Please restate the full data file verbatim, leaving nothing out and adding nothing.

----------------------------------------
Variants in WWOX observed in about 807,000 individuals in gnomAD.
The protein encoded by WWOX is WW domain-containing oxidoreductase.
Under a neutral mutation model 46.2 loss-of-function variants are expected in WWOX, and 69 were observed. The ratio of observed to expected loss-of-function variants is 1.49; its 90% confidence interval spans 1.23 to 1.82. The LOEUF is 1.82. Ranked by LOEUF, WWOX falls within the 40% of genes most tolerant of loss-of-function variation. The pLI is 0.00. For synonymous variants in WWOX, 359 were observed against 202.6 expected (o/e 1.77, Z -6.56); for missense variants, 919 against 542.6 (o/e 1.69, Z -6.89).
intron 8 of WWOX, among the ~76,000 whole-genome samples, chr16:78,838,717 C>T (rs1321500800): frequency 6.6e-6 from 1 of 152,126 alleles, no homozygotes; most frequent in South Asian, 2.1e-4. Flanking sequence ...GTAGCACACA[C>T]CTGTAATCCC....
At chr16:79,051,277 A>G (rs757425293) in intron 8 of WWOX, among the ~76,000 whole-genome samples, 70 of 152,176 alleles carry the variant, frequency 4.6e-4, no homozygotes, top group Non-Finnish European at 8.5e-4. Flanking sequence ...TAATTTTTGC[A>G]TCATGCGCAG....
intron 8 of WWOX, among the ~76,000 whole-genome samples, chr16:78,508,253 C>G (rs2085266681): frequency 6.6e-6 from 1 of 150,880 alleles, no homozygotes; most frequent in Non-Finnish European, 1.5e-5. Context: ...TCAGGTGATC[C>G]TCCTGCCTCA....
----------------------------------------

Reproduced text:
Variants in WWOX observed in about 807,000 individuals in gnomAD.
The protein encoded by WWOX is WW domain-containing oxidoreductase.
Under a neutral mutation model 46.2 loss-of-function variants are expected in WWOX, and 69 were observed. The ratio of observed to expected loss-of-function variants is 1.49; its 90% confidence interval spans 1.23 to 1.82. The LOEUF is 1.82. Ranked by LOEUF, WWOX falls within the 40% of genes most tolerant of loss-of-function variation. The pLI is 0.00. For synonymous variants in WWOX, 359 were observed against 202.6 expected (o/e 1.77, Z -6.56); for missense variants, 919 against 542.6 (o/e 1.69, Z -6.89).
intron 8 of WWOX, among the ~76,000 whole-genome samples, chr16:78,838,717 C>T (rs1321500800): frequency 6.6e-6 from 1 of 152,126 alleles, no homozygotes; most frequent in South Asian, 2.1e-4. Flanking sequence ...GTAGCACACA[C>T]CTGTAATCCC....
At chr16:79,051,277 A>G (rs757425293) in intron 8 of WWOX, among the ~76,000 whole-genome samples, 70 of 152,176 alleles carry the variant, frequency 4.6e-4, no homozygotes, top group Non-Finnish European at 8.5e-4. Flanking sequence ...TAATTTTTGC[A>G]TCATGCGCAG....
intron 8 of WWOX, among the ~76,000 whole-genome samples, chr16:78,508,253 C>G (rs2085266681): frequency 6.6e-6 from 1 of 150,880 alleles, no homozygotes; most frequent in Non-Finnish European, 1.5e-5. Context: ...TCAGGTGATC[C>G]TCCTGCCTCA....